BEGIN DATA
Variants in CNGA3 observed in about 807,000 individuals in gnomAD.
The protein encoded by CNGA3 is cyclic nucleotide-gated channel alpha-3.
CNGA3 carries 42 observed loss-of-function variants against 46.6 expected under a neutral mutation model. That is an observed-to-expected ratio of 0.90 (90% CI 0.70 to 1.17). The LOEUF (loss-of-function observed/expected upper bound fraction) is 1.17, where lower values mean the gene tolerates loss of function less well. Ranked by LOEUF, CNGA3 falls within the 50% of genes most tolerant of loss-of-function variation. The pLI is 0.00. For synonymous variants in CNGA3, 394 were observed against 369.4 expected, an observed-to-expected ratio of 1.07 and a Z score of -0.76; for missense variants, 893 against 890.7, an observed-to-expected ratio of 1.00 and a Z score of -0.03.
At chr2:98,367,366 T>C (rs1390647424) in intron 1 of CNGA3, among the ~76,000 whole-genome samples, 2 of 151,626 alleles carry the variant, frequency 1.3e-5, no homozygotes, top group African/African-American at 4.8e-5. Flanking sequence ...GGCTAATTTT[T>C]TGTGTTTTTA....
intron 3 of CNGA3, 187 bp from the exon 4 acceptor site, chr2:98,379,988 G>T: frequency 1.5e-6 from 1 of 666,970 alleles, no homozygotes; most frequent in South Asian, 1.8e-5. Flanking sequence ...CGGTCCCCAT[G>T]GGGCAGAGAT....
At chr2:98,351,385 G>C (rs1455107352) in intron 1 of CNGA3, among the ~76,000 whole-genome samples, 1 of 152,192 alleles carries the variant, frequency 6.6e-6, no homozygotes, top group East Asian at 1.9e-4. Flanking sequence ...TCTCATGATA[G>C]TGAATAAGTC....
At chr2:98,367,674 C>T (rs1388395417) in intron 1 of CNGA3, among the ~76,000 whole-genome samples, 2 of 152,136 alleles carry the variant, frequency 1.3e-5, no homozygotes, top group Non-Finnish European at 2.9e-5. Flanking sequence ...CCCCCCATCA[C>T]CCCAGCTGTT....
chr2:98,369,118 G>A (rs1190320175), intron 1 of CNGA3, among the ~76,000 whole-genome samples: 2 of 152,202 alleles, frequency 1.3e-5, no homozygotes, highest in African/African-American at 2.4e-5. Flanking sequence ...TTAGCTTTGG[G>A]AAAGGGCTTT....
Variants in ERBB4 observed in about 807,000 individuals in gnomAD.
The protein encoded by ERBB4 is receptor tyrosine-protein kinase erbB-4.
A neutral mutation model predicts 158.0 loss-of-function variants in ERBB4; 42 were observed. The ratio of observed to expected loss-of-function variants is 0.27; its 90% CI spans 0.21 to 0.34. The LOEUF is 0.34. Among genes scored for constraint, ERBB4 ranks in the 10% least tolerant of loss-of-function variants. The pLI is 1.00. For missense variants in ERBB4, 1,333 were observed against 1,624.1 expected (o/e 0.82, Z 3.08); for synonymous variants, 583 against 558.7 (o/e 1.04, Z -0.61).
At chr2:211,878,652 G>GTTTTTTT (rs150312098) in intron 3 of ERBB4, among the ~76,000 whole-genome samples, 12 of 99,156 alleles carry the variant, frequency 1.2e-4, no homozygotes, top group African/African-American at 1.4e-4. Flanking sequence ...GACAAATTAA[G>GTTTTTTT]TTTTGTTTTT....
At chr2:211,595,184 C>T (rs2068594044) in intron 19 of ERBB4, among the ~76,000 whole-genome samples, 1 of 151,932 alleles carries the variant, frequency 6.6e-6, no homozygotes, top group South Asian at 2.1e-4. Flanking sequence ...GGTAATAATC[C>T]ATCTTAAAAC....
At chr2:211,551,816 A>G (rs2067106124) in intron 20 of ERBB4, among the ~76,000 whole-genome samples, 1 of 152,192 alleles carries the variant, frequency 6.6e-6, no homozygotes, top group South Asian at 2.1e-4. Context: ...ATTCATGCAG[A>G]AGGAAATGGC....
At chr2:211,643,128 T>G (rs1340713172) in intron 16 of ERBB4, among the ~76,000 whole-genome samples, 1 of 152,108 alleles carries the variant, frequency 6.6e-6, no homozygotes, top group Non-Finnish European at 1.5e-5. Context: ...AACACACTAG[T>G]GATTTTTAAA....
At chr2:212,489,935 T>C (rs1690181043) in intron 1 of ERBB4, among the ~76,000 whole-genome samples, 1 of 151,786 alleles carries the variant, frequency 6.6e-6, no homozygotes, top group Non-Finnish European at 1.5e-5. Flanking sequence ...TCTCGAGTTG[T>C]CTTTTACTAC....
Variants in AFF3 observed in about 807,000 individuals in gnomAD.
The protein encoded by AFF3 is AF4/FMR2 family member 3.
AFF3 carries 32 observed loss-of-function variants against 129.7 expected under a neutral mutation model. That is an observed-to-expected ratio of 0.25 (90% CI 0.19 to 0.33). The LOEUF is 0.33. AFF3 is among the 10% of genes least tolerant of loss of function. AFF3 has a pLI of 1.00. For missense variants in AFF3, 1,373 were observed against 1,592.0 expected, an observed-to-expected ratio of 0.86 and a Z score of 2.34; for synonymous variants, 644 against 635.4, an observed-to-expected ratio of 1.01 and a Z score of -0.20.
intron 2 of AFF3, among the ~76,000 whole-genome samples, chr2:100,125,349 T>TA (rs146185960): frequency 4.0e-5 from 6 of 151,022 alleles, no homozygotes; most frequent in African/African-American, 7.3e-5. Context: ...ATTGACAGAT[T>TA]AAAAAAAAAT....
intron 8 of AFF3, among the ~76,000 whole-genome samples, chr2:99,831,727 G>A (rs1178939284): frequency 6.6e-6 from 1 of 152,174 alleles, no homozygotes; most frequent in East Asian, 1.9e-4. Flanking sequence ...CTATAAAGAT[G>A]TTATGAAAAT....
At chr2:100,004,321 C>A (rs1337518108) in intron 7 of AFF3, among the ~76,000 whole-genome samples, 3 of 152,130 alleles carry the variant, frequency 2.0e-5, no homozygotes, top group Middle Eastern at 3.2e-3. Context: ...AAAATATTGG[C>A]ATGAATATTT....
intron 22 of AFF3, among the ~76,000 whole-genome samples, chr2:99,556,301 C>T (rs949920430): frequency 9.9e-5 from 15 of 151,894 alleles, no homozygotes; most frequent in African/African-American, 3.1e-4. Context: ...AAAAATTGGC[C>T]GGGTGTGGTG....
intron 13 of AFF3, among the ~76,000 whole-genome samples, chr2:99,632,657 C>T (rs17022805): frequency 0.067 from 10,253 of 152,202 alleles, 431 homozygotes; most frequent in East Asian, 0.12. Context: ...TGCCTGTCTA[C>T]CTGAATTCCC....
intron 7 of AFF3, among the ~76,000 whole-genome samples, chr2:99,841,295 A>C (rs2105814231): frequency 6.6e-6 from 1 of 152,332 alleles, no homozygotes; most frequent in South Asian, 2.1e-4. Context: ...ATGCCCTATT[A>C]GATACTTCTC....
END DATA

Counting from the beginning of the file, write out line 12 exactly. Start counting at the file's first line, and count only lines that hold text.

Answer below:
At chr2:211,878,652 G>GTTTTTTT (rs150312098) in intron 3 of ERBB4, among the ~76,000 whole-genome samples, 12 of 99,156 alleles carry the variant, frequency 1.2e-4, no homozygotes, top group African/African-American at 1.4e-4. Flanking sequence ...GACAAATTAA[G>GTTTTTTT]TTTTGTTTTT....